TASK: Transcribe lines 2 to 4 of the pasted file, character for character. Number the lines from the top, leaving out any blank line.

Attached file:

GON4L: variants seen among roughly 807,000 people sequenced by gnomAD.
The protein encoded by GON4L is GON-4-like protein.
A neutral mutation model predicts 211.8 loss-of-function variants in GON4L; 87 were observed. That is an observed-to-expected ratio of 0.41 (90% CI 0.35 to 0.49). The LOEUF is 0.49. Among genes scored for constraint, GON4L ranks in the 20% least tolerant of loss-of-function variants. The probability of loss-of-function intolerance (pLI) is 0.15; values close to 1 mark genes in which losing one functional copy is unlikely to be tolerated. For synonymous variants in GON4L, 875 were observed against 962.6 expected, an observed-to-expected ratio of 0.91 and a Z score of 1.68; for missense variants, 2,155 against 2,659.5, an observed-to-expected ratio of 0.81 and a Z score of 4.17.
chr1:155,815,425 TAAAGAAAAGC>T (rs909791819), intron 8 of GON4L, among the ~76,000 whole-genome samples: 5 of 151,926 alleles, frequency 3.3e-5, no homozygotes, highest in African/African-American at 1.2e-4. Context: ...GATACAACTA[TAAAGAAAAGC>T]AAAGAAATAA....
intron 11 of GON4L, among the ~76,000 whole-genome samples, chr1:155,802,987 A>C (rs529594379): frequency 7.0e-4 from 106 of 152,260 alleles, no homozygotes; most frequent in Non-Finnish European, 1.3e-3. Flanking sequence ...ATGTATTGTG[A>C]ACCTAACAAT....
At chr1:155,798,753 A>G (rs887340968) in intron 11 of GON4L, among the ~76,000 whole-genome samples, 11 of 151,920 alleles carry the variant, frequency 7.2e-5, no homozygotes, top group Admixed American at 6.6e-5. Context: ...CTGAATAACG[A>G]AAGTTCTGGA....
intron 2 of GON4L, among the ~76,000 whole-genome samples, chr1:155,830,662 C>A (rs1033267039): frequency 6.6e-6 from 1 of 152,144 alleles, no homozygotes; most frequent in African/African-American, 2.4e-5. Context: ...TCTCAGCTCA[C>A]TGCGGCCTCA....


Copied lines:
The protein encoded by GON4L is GON-4-like protein.
A neutral mutation model predicts 211.8 loss-of-function variants in GON4L; 87 were observed. That is an observed-to-expected ratio of 0.41 (90% CI 0.35 to 0.49). The LOEUF is 0.49. Among genes scored for constraint, GON4L ranks in the 20% least tolerant of loss-of-function variants. The probability of loss-of-function intolerance (pLI) is 0.15; values close to 1 mark genes in which losing one functional copy is unlikely to be tolerated. For synonymous variants in GON4L, 875 were observed against 962.6 expected, an observed-to-expected ratio of 0.91 and a Z score of 1.68; for missense variants, 2,155 against 2,659.5, an observed-to-expected ratio of 0.81 and a Z score of 4.17.
chr1:155,815,425 TAAAGAAAAGC>T (rs909791819), intron 8 of GON4L, among the ~76,000 whole-genome samples: 5 of 151,926 alleles, frequency 3.3e-5, no homozygotes, highest in African/African-American at 1.2e-4. Context: ...GATACAACTA[TAAAGAAAAGC>T]AAAGAAATAA....